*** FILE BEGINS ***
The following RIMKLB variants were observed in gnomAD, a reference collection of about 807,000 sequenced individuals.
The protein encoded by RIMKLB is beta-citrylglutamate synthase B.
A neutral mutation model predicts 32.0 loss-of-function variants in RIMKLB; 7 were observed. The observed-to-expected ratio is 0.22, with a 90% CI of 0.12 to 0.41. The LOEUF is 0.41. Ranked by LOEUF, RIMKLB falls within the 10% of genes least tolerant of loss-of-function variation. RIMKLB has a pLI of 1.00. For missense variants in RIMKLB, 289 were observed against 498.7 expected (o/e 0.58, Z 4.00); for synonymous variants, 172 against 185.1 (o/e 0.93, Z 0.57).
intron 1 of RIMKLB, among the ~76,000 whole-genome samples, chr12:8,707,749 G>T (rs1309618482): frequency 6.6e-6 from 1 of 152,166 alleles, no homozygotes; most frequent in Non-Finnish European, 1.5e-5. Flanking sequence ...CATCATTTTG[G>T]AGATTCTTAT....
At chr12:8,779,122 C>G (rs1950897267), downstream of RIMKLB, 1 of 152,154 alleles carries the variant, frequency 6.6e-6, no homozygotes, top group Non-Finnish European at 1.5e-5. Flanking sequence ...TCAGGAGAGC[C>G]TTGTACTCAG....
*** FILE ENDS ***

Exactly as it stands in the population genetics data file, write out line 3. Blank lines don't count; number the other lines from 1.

A neutral mutation model predicts 32.0 loss-of-function variants in RIMKLB; 7 were observed. The observed-to-expected ratio is 0.22, with a 90% CI of 0.12 to 0.41. The LOEUF is 0.41. Ranked by LOEUF, RIMKLB falls within the 10% of genes least tolerant of loss-of-function variation. RIMKLB has a pLI of 1.00. For missense variants in RIMKLB, 289 were observed against 498.7 expected (o/e 0.58, Z 4.00); for synonymous variants, 172 against 185.1 (o/e 0.93, Z 0.57).